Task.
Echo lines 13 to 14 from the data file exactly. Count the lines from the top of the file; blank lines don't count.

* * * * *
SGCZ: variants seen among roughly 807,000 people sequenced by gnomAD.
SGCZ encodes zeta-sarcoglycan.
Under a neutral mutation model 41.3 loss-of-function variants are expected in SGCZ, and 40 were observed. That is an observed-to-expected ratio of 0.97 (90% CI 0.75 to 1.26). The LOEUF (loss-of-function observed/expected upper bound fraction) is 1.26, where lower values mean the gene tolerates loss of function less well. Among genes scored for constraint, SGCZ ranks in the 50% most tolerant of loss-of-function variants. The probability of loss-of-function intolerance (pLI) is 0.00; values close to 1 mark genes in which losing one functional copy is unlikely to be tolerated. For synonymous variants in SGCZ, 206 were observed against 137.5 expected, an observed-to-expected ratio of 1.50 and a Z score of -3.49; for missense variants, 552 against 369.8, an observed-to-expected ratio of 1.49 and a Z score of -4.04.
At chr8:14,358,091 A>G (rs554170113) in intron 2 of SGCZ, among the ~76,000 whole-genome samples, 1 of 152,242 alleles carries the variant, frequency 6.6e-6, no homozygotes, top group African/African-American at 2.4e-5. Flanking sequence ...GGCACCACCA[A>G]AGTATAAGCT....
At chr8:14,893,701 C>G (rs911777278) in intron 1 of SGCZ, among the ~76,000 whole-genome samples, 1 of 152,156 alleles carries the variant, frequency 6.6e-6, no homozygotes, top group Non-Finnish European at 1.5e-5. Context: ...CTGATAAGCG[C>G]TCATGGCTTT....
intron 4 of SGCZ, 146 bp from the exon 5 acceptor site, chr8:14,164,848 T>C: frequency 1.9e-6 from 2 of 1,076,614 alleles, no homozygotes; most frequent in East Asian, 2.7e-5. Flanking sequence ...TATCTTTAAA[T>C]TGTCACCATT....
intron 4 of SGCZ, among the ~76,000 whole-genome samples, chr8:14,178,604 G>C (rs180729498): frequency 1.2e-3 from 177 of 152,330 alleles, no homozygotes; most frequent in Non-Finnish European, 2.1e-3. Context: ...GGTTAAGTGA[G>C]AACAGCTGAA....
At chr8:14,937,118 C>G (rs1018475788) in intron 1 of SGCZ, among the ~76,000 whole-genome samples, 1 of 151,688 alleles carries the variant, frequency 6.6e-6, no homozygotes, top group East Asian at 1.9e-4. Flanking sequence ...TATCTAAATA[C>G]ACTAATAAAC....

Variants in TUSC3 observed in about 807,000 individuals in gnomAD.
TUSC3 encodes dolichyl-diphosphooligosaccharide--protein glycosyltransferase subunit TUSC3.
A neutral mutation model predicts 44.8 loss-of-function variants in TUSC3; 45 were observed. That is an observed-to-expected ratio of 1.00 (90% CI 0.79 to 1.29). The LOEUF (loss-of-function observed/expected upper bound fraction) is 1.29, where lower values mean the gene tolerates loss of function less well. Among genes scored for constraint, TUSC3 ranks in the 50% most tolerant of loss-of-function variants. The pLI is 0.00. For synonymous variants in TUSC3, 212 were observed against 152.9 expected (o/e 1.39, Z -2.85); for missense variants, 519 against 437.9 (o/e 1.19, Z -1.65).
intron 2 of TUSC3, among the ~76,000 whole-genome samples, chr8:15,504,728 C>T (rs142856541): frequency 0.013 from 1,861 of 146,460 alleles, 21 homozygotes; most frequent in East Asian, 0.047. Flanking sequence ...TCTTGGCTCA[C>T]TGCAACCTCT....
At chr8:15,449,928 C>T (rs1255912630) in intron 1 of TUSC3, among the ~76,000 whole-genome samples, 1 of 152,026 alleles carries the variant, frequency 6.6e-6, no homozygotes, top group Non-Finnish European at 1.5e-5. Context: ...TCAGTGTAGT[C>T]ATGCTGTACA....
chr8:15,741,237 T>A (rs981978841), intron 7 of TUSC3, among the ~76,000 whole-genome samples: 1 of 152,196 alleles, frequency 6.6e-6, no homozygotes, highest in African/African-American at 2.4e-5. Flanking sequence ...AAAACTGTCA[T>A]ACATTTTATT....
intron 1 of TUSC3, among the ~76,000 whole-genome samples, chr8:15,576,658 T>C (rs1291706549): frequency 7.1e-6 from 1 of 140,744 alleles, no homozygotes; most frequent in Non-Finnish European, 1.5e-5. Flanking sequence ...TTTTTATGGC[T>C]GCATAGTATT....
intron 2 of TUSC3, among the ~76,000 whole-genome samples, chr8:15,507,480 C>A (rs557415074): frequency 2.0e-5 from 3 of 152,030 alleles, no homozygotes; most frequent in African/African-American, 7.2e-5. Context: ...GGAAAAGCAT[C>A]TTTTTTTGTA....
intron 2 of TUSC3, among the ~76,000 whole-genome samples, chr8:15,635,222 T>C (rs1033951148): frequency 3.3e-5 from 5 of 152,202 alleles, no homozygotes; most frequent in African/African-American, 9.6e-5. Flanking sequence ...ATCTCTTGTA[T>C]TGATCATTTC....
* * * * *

At chr8:15,449,928 C>T (rs1255912630) in intron 1 of TUSC3, among the ~76,000 whole-genome samples, 1 of 152,026 alleles carries the variant, frequency 6.6e-6, no homozygotes, top group Non-Finnish European at 1.5e-5. Context: ...TCAGTGTAGT[C>T]ATGCTGTACA....
chr8:15,741,237 T>A (rs981978841), intron 7 of TUSC3, among the ~76,000 whole-genome samples: 1 of 152,196 alleles, frequency 6.6e-6, no homozygotes, highest in African/African-American at 2.4e-5. Flanking sequence ...AAAACTGTCA[T>A]ACATTTTATT....